N.Korean Missile Blows up in Mid-Air

  • By Yu Yong-weon

    March 17, 2022 11:54

    North Korea on Wednesday launched a suspected intercontinental ballistic missile, but it blew up in mid-air a few seconds after launch.

    It remains unclear if the latest launch was an attempt to test the maximum range of a new ICBM or an earlier-stage experiment. U.S. and South Korea military officials believe the chances are high of more provocations by North Korea and have deployed all of their intelligence assets for surveillance.

    The Joint Chiefs of Staff here said North Korea launched what is believed to have been a ballistic missile from the Sunan area of Pyongyang at around 9:30 a.m. on Wednesday, but it failed immediately after takeoff.”

    Military officials believe the missile blew up at an altitude of less than 20 km after liftoff. The fact that it took place in the Sunan area, where other ballistic-missile tests were conducted on Feb. 27 and March 5, has persuaded the military here to suspect it was an ICBM.

    A U.S. Forces Korea reconnaissance aircraft lands at Osan Air Base in Pyeongtaek, Gyeonggi Province on Wednesday. /Yonhap

    The missile appears to have blown up due to a problem with its engine. When the North test-launched the ballistic missiles, the maximum altitude they reached was between 560 km and 620 km. The latest failure makes it difficult to determine what the maximum altitude and reach of the missile may have been.

    A missile requires tremendous thrust at liftoff, and a problem with the booster rocket can trigger an imbalance in the engine that could cause an explosion, said Kwon Yong-soo, a former professor at Korea National Defense University.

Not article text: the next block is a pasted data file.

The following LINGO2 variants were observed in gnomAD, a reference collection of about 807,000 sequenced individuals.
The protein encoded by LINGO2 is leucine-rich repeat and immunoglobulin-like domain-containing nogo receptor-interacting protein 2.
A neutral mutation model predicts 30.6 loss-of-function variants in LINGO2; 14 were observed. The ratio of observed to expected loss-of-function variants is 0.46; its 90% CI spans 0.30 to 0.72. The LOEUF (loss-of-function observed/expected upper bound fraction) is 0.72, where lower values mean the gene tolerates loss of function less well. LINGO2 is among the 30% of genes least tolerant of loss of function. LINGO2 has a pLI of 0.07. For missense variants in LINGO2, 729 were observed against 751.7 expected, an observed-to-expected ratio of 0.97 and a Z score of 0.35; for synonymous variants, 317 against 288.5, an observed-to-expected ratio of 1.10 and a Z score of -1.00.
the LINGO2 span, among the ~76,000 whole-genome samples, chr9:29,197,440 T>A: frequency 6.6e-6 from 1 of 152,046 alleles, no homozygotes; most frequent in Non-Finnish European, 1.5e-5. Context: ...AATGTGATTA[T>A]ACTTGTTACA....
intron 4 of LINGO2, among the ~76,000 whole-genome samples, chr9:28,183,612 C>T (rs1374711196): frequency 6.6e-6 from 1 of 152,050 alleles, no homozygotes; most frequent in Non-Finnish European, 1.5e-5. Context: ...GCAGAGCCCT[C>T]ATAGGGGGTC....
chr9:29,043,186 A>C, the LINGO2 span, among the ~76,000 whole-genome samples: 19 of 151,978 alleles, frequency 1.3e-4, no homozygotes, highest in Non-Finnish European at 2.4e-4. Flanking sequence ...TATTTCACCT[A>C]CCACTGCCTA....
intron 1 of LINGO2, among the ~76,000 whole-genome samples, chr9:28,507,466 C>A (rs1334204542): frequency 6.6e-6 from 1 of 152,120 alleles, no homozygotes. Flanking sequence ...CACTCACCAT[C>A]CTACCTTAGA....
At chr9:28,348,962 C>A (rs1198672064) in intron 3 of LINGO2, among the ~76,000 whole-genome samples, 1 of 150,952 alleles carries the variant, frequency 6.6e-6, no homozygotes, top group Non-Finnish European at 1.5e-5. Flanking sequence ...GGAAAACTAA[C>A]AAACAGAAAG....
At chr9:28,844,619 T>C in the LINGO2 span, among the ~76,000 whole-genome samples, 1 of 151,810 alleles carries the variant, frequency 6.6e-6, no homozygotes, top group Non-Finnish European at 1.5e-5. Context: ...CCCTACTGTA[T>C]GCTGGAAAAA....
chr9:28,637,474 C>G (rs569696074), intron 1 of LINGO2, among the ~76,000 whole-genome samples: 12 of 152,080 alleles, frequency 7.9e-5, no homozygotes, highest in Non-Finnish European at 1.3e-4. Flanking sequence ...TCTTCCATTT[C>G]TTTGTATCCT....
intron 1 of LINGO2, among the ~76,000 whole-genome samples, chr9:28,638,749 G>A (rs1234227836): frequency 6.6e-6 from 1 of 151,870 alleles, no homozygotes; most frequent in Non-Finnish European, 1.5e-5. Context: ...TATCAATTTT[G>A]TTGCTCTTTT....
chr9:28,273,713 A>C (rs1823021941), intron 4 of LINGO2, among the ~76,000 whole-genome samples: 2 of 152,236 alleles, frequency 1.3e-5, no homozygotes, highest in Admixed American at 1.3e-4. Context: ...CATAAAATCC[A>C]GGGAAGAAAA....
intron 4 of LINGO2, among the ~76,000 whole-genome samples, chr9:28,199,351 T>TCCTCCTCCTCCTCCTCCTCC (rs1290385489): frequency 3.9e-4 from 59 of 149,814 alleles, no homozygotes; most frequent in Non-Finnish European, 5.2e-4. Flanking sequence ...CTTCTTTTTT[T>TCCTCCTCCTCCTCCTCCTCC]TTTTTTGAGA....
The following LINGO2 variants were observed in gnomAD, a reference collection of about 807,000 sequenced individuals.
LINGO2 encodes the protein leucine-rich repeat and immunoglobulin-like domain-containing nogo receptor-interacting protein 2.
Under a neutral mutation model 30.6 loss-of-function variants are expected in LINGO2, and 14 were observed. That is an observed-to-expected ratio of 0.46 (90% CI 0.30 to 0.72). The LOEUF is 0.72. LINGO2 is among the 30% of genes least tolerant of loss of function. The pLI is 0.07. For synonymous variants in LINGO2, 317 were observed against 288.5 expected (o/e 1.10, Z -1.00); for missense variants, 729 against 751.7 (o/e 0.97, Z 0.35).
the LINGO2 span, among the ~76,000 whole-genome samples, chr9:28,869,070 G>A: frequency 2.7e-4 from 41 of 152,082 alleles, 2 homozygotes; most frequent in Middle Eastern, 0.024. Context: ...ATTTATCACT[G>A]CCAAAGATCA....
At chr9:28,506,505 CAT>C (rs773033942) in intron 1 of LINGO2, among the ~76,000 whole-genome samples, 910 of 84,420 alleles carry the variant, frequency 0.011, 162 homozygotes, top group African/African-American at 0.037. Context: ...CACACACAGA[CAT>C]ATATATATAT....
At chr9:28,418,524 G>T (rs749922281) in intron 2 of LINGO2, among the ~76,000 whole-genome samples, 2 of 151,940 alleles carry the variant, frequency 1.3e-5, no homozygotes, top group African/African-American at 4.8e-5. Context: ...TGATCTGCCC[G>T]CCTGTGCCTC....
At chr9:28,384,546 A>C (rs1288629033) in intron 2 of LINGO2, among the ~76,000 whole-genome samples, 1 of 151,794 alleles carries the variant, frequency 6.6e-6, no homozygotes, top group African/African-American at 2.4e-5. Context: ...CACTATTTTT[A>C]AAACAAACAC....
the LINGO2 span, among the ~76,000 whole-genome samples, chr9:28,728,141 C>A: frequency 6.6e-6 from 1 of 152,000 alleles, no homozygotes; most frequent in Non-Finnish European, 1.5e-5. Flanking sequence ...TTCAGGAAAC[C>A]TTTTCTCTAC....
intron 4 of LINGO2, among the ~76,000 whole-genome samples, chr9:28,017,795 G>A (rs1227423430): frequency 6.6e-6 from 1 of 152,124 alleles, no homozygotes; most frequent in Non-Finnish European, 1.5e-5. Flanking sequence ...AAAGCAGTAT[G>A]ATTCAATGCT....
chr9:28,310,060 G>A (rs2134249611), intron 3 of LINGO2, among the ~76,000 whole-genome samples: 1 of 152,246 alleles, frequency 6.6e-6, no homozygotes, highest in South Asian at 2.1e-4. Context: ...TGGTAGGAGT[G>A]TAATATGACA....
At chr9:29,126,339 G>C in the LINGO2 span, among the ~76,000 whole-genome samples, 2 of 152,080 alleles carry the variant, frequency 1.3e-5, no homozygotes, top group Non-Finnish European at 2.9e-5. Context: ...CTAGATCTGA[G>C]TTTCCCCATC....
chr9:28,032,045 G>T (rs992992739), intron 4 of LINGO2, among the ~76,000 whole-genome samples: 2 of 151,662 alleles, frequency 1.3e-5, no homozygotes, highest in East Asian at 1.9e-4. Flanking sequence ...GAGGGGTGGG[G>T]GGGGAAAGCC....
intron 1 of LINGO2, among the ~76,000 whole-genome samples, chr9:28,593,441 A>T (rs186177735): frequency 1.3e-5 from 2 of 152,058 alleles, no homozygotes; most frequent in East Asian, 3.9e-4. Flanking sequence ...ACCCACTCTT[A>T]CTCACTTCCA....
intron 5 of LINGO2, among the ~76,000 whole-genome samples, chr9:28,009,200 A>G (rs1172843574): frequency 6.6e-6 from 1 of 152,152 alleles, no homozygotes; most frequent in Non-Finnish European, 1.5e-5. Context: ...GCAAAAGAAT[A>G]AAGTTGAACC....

And Chang Young-keun at Korea Aerospace University said, "There are scores of parts in an engine, including the combustion chamber, valves and pumps and they might have malfunctioned or pressure may have built up to cause the explosion."

    Some experts even speculated that a U.S. cyberattack may have been the cause of the explosion. Such a tactic is referred to as a "left of launch" mission that disrupts the computer system of a missile in the launch-preparation stage.

    When the North launched the Musudan mid-range missile in 2016 and 2017, seven out of eight attempts ended in failure, which was belatedly revealed to have been the result of a U.S. hacking mission.

    Military officials say there is a strong chance that North Korea will attempt another long-range missile launch ahead of the 110th birthday of nation founder Kim Il-sung. 

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